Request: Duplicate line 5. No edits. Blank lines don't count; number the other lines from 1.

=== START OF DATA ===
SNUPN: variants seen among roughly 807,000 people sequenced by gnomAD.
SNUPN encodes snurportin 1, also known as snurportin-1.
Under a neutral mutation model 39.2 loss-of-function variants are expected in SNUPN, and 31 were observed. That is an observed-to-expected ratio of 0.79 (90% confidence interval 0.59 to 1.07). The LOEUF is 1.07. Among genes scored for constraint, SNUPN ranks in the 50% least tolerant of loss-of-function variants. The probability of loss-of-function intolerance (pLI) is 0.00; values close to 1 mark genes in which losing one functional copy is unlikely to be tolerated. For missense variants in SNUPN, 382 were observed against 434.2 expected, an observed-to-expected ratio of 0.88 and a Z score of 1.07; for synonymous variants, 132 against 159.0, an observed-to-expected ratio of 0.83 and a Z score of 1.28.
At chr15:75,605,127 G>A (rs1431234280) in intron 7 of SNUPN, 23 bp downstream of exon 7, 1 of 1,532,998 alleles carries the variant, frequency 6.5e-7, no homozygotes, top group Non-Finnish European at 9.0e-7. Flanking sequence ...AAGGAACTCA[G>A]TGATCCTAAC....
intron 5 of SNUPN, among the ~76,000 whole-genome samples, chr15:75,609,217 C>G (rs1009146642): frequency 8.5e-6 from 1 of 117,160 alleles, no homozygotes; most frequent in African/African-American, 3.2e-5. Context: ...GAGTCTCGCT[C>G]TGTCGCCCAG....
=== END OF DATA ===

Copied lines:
intron 5 of SNUPN, among the ~76,000 whole-genome samples, chr15:75,609,217 C>G (rs1009146642): frequency 8.5e-6 from 1 of 117,160 alleles, no homozygotes; most frequent in African/African-American, 3.2e-5. Context: ...GAGTCTCGCT[C>G]TGTCGCCCAG....